Mid-Atlantic Daily Snow

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More light snow today

Summary

Fresh turns are available Tuesday with more light snow affecting the northern half of the Mid-Atlantic. Wednesday will see another weak storm system track to the north with scattered rain and show showers in the northern half of the region. Temperatures will warm Wednesday with a few more chances of rain and show showers to end the week before another storm brings precipitation for the weekend.

Update

Get your freshies! Fresh turns are out there Tuesday morning with many resorts getting 3 - 7 inches of snow on Monday. More snow returns to the northern half of the region on Tuesday which will give many areas an additional 1 - 3 inches. Check out Greek Peak in New York that saw 5 inches of snow on Monday with more in the forecast on Tuesday. 


Image courtesy of Greek Peak Resort

Snow is currently affecting the western half of the Mid-Atlantic and continues to spread east throughout the day, Tuesday. This area of snow will be a bit more scattered than Monday and causes lighter snow accumulations. A few rain showers could mix in today as well. Here is the current view of the radar from 6 am until 7:30 am Tuesday morning. 


GIF courtesy of Intellicast. 

This area of snow will clear the region to the east by 3 - 5 pm, with a few scattered rain and snow showers remaining in the evening. Light snow accumulations are expected of 1 - 3 inches. Here is a look at what the HRRR model shows for snow accumulations by 6 pm Tuesday.  


Image courtesy of WeatherBell. 

Following this weak storm system, another weaker storm system will be on its heels. This storm system will track slightly further north again and allow warm air to move into the region from the south. Temperatures will rise above freezing and cause a few scattered rain and snow showers in the northern half of the region. The southern and central Mid-Atlantic will see temperatures crack into the 50s, and areas further north will be in the 30s and 40s. As this storm system tracks further north on Wednesday evening, a few scattered lake-effect snow showers could develop in western to central New York. These showers will be light and scattered with minimal accumulations by Thursday afternoon. During the afternoon Thursday, more snow showers could develop in the northern Mid-Atlantic that will extend into the day Friday. Western and central New York will see the most from these snow showers of 1 - 4 inches of snow by Friday evening. Here is a look at the NAM 12 km model’s depiction of precipitation type/intensity and mean sea-level pressure (MSLP) from 2 pm Wednesday until 2 am Friday.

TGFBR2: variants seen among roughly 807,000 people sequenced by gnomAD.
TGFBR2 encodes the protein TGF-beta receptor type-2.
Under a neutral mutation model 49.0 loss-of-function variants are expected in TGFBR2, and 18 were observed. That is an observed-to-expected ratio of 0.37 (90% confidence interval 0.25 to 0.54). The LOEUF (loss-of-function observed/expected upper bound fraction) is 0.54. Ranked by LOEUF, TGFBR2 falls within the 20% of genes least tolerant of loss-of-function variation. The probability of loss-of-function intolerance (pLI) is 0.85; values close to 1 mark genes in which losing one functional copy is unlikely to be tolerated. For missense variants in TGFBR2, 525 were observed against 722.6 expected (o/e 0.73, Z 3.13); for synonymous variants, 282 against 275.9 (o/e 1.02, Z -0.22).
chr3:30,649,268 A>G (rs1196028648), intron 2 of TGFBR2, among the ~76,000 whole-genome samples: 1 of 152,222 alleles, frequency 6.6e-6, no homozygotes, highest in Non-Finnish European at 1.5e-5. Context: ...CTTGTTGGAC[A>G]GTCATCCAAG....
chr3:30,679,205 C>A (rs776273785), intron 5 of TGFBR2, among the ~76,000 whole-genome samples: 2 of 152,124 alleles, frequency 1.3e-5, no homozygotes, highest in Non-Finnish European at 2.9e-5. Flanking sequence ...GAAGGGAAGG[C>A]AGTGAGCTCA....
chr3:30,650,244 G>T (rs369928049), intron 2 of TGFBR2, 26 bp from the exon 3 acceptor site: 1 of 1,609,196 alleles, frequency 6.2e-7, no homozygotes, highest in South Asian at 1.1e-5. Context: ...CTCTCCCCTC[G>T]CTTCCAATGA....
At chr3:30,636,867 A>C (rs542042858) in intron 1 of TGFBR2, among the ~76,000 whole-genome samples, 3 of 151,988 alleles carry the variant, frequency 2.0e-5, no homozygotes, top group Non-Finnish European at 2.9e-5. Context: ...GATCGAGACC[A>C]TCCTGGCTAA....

GIF courtesy of TropicalTidbits. 

This area of snow will clear the region by Friday afternoon. Dry air is moving in Friday afternoon ahead of the next storm system on Saturday, February 27th. This storm system still remains a bit tricky and the models have yet to agree that much. What I know right now is that two storm systems will approach from the south and west on Friday evening and early Saturday morning, February 26th and 27th. The models are tracking storm systems from the west (Great Lakes region) and the southern United States. A storm will be over our region by Saturday, February 27th, it just remains uncertain which area of the storm will have more of an impact on our region. If the storm from the south holds on strong, greater potential of snow is possible for the region. If the storm from the west is the main component, then warmer air will push into the region. Let’s take a look at the GFS and ECMWF (Euro) model’s depiction of precipitation type/intensity and MSLP at 8 - 11 am, Saturday, February 27th. 


Images courtesy of WeatherBell. 

I’ll have a better idea of this storm system in the next forecast update on Thursday. Right now it does not look like any major snow or rain producer but we’ll see how the forecast develops. Precipitation will likely start as snow in many areas but change to rain pretty quickly. 

More rounds of storm systems will continue to track over our region next week. The upper-level pattern will be less favorable for cold weather, which means greater chances of rain for the region. A lot of uncertainty remains as we inch toward spring and precipitation type forecasts will continue to be messy. Here is a look at the Euro model’s upper-level pattern from Sunday, February 28th until Saturday, March 6th. 


GIF courtesy of WeatherBell. The warm colors show areas of warmer weather for the East Coast. The blue colors show areas of colder weather and more favorable conditions for East Coast snows. 

The Euro is hinting at some colder weather returning to the region by next weekend (blue colors above). We’ll see if a storm can track over our region by then and give us some March snow. Overall though, next week will likely see a mix of rain and snow events. Keep hitting the slopes with great conditions throughout the region that will continue! I’ll have the next forecast out Thursday morning.

Zach Butler, Meteorologist for the Mid-Atlantic Daily Snow. 

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